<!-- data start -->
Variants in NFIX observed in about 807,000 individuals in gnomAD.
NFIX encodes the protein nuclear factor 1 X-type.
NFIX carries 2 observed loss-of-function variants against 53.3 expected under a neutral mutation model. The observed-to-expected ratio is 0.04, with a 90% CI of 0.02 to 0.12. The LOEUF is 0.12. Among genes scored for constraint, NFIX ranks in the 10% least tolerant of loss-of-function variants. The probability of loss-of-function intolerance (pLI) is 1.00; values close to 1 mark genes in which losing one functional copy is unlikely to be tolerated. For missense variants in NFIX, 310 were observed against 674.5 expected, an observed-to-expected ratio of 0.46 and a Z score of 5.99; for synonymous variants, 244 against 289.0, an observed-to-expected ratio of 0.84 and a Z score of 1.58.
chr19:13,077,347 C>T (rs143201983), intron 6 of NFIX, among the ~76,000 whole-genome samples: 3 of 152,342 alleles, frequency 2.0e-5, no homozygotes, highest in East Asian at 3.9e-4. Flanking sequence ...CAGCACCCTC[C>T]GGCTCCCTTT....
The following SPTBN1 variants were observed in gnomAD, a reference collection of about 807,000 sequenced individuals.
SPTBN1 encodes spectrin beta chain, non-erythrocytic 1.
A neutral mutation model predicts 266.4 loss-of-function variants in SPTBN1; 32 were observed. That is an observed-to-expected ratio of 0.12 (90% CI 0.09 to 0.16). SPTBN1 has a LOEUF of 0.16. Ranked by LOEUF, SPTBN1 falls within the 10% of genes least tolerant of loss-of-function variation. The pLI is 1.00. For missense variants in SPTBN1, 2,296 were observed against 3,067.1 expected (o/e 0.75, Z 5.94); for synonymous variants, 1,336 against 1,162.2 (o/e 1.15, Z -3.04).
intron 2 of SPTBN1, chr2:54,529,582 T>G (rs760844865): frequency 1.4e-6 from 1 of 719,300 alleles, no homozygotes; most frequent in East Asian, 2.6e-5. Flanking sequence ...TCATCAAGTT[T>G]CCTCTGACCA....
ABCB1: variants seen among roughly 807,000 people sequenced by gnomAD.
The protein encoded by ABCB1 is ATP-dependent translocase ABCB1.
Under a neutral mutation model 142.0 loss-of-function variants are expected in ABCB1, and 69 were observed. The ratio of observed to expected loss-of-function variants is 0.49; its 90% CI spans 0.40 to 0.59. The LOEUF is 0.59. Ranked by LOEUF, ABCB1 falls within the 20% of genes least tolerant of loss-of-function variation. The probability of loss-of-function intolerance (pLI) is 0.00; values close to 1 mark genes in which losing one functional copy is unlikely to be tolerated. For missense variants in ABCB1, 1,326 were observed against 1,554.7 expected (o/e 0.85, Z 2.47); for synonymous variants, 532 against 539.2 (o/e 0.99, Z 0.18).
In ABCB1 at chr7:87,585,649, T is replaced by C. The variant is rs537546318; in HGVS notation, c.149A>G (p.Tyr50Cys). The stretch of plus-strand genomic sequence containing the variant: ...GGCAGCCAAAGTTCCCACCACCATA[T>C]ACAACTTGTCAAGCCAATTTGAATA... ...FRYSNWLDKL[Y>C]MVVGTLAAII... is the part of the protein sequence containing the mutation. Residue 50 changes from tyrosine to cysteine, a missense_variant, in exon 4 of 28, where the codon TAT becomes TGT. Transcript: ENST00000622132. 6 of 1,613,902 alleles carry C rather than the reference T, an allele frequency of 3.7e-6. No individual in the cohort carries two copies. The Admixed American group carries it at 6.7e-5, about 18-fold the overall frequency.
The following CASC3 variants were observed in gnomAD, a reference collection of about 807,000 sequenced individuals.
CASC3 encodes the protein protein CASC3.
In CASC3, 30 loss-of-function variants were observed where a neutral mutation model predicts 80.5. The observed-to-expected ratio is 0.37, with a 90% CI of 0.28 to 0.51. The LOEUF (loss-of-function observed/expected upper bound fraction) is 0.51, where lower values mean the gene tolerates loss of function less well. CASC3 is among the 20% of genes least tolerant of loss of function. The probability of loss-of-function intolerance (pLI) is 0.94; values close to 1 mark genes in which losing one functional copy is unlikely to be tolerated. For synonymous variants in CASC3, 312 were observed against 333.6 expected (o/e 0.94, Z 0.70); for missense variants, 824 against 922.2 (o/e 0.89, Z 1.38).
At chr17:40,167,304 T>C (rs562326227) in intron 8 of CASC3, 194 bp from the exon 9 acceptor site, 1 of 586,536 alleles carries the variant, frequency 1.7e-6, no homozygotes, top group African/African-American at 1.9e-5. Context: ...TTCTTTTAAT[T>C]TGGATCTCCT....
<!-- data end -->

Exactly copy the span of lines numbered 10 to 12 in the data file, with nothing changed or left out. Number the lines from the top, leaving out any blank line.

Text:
The protein encoded by ABCB1 is ATP-dependent translocase ABCB1.
Under a neutral mutation model 142.0 loss-of-function variants are expected in ABCB1, and 69 were observed. The ratio of observed to expected loss-of-function variants is 0.49; its 90% CI spans 0.40 to 0.59. The LOEUF is 0.59. Ranked by LOEUF, ABCB1 falls within the 20% of genes least tolerant of loss-of-function variation. The probability of loss-of-function intolerance (pLI) is 0.00; values close to 1 mark genes in which losing one functional copy is unlikely to be tolerated. For missense variants in ABCB1, 1,326 were observed against 1,554.7 expected (o/e 0.85, Z 2.47); for synonymous variants, 532 against 539.2 (o/e 0.99, Z 0.18).
In ABCB1 at chr7:87,585,649, T is replaced by C. The variant is rs537546318; in HGVS notation, c.149A>G (p.Tyr50Cys). The stretch of plus-strand genomic sequence containing the variant: ...GGCAGCCAAAGTTCCCACCACCATA[T>C]ACAACTTGTCAAGCCAATTTGAATA... ...FRYSNWLDKL[Y>C]MVVGTLAAII... is the part of the protein sequence containing the mutation. Residue 50 changes from tyrosine to cysteine, a missense_variant, in exon 4 of 28, where the codon TAT becomes TGT. Transcript: ENST00000622132. 6 of 1,613,902 alleles carry C rather than the reference T, an allele frequency of 3.7e-6. No individual in the cohort carries two copies. The Admixed American group carries it at 6.7e-5, about 18-fold the overall frequency.